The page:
As Brazil picked up the pieces on Monday from the damage caused by supporters of ex-President Jair Bolsonaro, it was hard not to see echoes of the Jan. 6, 2021, insurrection at the US Capitol — not least because both incidents were stoked by activity on social media. Brazilian users of Meta Platforms Inc.’s WhatsApp, as well as Telegram and TikTok, saw a surge in calls to attend a “war cry party” in the capital in the run-up to Sunday’s violence in Brasilia, according to the Washington Post.
Even before that, ahead of the presidential election last October, Twitter, Facebook and WhatsApp had been flooded with misinformation about the integrity of Brazil’s vote, which saw Luiz Inácio Lula da Silva narrowly defeat Bolsonaro. It doesn’t help that Meta allows misinformation from political candidates to go unchecked, a policy it should have changed long ago.
But it’s not just Meta.
A search of #bolsonaro on TikTok on Monday morning led to at least two popular videos praising rioters as “patriots” or fighting for “freedom.” YouTube channels touting Bolsonaro’s claims of election fraud garnered tens of millions of views ahead of the vote. And Brazilian election deniers have seen a surge in followers on Twitter, according to an analysis by Rest Of World, a nonprofit journalism organization.
It all highlights the bigger problem: Social media firms are still not investing enough on controlling misinformation that can spin out of control, relying on cheaper methods such as software and contractors to weed out harmful content and — critically — underfunding such efforts outside the US. The whistleblower Francis Haugen, who exposed a range of harms neglected by Facebook in 2021, zeroed in on the company’s inadequate efforts to tackle misinformation in foreign countries like India. She warned about forthcoming global elections and said the site “cuts corners and provides unequal and inadequate defenses.” In the case of Twitter, new owner Elon Musk reportedly fired the company’s Brazilian staff after he took over.
Ironically, Facebook and Twitter made impressive strides in preventing large misinformation campaigns from disrupting US midterm elections last year, according to multiple surveys. But those platforms have a long way to go elsewhere.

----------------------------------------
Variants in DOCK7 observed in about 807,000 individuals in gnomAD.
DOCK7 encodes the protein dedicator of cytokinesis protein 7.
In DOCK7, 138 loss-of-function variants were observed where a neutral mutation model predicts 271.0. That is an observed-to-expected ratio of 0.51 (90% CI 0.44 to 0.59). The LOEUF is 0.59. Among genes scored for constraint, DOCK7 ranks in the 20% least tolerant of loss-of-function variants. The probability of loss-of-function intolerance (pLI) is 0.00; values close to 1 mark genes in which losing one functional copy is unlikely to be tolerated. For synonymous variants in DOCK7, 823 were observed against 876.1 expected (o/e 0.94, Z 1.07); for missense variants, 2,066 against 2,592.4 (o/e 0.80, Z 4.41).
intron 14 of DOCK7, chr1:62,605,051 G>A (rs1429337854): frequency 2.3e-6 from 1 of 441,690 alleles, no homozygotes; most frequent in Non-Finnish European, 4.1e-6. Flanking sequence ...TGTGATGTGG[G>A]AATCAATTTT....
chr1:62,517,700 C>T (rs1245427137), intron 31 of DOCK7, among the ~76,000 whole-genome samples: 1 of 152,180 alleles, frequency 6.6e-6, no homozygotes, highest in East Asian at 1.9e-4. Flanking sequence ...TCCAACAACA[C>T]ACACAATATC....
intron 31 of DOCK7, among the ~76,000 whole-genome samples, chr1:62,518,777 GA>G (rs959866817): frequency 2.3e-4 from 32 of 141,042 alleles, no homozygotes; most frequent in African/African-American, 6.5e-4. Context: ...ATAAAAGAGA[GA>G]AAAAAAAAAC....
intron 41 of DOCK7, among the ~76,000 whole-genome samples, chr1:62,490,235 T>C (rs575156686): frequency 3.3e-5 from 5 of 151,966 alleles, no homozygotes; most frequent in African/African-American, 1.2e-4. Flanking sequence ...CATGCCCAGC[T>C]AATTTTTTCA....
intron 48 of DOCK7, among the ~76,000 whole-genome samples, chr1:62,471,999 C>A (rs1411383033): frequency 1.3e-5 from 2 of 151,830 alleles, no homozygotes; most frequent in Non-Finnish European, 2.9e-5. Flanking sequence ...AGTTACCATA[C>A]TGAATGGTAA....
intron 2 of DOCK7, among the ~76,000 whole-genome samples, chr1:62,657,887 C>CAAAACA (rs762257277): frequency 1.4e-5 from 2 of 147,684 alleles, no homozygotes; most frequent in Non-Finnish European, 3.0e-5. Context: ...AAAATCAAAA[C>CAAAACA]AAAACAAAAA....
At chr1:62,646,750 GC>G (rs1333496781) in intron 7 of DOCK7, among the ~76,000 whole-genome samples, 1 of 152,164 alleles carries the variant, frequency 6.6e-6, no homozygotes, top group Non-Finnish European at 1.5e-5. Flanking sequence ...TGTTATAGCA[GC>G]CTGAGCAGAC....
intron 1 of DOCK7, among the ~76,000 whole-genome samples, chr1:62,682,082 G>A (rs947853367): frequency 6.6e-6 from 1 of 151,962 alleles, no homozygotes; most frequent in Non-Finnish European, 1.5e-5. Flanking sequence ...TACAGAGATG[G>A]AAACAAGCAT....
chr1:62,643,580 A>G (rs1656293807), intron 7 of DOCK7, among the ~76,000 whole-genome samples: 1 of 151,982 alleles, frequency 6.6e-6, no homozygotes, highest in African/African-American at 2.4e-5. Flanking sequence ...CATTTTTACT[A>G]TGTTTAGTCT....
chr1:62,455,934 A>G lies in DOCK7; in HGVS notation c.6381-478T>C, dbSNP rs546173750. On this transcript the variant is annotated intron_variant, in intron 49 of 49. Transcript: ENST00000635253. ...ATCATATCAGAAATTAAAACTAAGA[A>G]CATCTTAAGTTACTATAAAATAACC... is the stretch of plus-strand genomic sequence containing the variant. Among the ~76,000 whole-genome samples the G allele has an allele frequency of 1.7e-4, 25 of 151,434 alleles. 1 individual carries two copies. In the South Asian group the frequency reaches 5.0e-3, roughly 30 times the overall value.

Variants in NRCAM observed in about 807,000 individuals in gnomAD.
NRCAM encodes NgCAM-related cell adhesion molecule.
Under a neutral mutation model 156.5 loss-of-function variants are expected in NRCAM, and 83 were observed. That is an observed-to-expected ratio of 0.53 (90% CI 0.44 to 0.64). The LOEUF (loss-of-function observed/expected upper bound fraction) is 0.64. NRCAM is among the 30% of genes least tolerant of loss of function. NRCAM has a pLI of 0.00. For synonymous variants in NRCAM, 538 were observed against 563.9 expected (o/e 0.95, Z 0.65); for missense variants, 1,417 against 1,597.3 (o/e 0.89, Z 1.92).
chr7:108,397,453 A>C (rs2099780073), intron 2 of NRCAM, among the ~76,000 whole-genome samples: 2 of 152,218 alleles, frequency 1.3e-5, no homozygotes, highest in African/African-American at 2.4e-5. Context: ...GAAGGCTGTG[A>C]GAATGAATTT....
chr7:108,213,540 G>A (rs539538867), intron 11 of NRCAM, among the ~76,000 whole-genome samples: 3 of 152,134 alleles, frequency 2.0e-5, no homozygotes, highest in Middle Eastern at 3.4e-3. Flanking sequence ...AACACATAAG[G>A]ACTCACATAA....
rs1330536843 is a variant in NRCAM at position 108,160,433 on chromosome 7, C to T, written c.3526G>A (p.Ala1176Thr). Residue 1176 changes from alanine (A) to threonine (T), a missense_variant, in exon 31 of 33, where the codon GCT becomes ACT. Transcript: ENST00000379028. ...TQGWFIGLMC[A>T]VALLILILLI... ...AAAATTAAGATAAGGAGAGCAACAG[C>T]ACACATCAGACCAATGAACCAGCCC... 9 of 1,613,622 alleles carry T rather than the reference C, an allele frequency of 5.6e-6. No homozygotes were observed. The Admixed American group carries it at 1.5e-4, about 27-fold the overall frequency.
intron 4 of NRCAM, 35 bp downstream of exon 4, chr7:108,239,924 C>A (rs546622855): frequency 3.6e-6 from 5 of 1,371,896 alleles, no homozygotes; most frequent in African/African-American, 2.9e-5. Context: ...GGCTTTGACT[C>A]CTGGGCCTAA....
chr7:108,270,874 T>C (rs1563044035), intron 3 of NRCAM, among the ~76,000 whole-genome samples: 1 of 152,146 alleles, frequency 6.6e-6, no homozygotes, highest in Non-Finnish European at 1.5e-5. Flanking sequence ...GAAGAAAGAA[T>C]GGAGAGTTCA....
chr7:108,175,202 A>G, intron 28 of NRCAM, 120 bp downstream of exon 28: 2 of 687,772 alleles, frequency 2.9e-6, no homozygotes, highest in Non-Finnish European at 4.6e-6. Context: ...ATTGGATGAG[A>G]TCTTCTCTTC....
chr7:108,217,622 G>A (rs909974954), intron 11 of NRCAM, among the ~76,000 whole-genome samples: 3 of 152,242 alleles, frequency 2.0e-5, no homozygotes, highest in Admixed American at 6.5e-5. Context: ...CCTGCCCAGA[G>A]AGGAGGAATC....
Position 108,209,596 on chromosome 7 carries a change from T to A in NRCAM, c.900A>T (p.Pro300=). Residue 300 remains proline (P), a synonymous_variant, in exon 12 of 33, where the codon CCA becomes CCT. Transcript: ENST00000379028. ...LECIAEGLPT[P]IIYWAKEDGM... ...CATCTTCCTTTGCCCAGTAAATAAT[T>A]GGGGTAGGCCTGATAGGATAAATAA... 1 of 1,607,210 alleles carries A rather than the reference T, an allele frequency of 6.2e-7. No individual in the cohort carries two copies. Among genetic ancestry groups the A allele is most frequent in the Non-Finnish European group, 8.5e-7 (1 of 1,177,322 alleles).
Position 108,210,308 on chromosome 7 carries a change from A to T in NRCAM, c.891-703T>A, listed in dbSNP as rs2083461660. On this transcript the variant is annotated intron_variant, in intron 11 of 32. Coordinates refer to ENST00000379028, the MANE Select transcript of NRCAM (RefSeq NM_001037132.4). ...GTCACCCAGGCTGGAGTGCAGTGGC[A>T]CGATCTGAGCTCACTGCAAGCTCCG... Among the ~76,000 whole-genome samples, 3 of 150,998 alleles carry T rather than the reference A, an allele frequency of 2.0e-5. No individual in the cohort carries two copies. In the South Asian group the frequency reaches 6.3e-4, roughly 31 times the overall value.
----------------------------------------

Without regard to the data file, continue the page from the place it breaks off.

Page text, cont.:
“Sometimes we see content staying up in Spanish and Portuguese far more than in English, even when its English counterpart has been taken down,” says Roberta Braga, a Brazilian-American researcher with Equis Research, a public-opinion research group focused on Latinos.
“They don’t focus anywhere like they do in the US,” says Jiore Craig, who runs elections research for the Institute for Strategic Dialogue, a London-based think tank that tracks online misinformation. She says that online narratives leading up to the Brazil riots looked similar to those used in the run-up to Jan. 6, and have also popped up ahead of elections in France and Australia, where posters use language like “traitors” and “fraud” and English-language hashtags like #StopTheSteal.
One big difference with the US is that WhatsApp has become one of the most popular platforms for spreading misinformation about the election, according to Braga.
While more radical Brazilians will go to Telegram, a loosely moderated messaging and broadcasting app, to engage with likeminded groups, the vast majority use WhatsApp to communicate with friends and family and conduct business, where many election-denying narratives gained a mainstream foothold. Braga, whose own family and friends in Brazil have become radicalized Bolsonaro supporters, says WhatsApp could do more to mitigate the reach of its broadcasting tools, which “exacerbate the circulation of misinformation, like it or not.”
WhatsApp has tried since 2018 to impose stricter limits on message forwarding to make it harder for misinformation about election integrity or Covid-19 vaccines to go viral. It also adds a label saying “forwarded many times” to help slow down the spread of rumors and fake news. The company should do more, but that would mean upsetting advocates of free speech and privacy: much of the incendiary content is being spread in private groups which WhatsApp cannot see or interfere in, since all communications are encrypted.
Complicating matters is that viral content on WhatsApp or Telegram often starts somewhere else, like YouTube or TikTok. “Much of the activity is cross platform,” says Craig. “One place you might see the narrative and the other you amplify the narrative. Taking down one doesn’t take down the other.”
To tackle the problem, social media firms will need to step up efforts to communicate with one another about forthcoming elections and election-fraud claims. Researchers also say social media firms need to be more transparent about how content flows and gains traction on their sites, to help them find new ways of stopping it from spiraling out of control.
But a big part of the problem is also, admittedly, out of their hands. Bolsonaro — like Donald Trump — laid much of the groundwork for the stolen-election narrative himself, having spent months claiming unfair treatment at the hands of Brazil’s election authority.
“What we are seeing in Brazil is very similar to what we saw in the US,” says Braga: “the trajectory of how the election-fraud narrative penetrated society, and the types of influencers spreading it.”
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Parmy Olson is a Bloomberg Opinion columnist covering technology. A former reporter for the Wall Street Journal and Forbes, she is author of “We Are Anonymous.”
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